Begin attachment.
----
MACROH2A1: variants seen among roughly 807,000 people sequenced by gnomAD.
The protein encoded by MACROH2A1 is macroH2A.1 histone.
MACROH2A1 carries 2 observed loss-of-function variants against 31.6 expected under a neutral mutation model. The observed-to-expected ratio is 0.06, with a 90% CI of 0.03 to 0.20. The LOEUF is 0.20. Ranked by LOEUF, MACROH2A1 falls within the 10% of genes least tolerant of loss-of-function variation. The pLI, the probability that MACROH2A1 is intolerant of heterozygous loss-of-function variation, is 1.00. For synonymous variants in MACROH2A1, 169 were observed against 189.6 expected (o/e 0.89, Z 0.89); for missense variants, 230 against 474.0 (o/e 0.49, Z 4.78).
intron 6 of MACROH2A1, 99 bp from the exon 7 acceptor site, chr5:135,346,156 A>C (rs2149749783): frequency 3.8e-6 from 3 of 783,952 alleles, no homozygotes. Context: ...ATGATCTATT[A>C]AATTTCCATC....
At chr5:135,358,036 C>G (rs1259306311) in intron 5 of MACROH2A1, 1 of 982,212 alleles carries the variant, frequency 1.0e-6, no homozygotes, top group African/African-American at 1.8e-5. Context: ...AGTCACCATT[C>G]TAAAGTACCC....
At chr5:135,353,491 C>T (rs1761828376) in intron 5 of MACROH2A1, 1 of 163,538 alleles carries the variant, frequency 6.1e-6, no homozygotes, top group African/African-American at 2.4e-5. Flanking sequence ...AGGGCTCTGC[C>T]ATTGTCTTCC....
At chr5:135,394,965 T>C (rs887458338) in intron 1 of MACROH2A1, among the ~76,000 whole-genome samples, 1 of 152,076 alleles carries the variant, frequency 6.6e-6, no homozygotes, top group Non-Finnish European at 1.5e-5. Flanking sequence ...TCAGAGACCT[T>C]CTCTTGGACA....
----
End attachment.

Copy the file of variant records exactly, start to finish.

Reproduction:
MACROH2A1: variants seen among roughly 807,000 people sequenced by gnomAD.
The protein encoded by MACROH2A1 is macroH2A.1 histone.
MACROH2A1 carries 2 observed loss-of-function variants against 31.6 expected under a neutral mutation model. The observed-to-expected ratio is 0.06, with a 90% CI of 0.03 to 0.20. The LOEUF is 0.20. Ranked by LOEUF, MACROH2A1 falls within the 10% of genes least tolerant of loss-of-function variation. The pLI, the probability that MACROH2A1 is intolerant of heterozygous loss-of-function variation, is 1.00. For synonymous variants in MACROH2A1, 169 were observed against 189.6 expected (o/e 0.89, Z 0.89); for missense variants, 230 against 474.0 (o/e 0.49, Z 4.78).
intron 6 of MACROH2A1, 99 bp from the exon 7 acceptor site, chr5:135,346,156 A>C (rs2149749783): frequency 3.8e-6 from 3 of 783,952 alleles, no homozygotes. Context: ...ATGATCTATT[A>C]AATTTCCATC....
At chr5:135,358,036 C>G (rs1259306311) in intron 5 of MACROH2A1, 1 of 982,212 alleles carries the variant, frequency 1.0e-6, no homozygotes, top group African/African-American at 1.8e-5. Context: ...AGTCACCATT[C>G]TAAAGTACCC....
At chr5:135,353,491 C>T (rs1761828376) in intron 5 of MACROH2A1, 1 of 163,538 alleles carries the variant, frequency 6.1e-6, no homozygotes, top group African/African-American at 2.4e-5. Flanking sequence ...AGGGCTCTGC[C>T]ATTGTCTTCC....
At chr5:135,394,965 T>C (rs887458338) in intron 1 of MACROH2A1, among the ~76,000 whole-genome samples, 1 of 152,076 alleles carries the variant, frequency 6.6e-6, no homozygotes, top group Non-Finnish European at 1.5e-5. Flanking sequence ...TCAGAGACCT[T>C]CTCTTGGACA....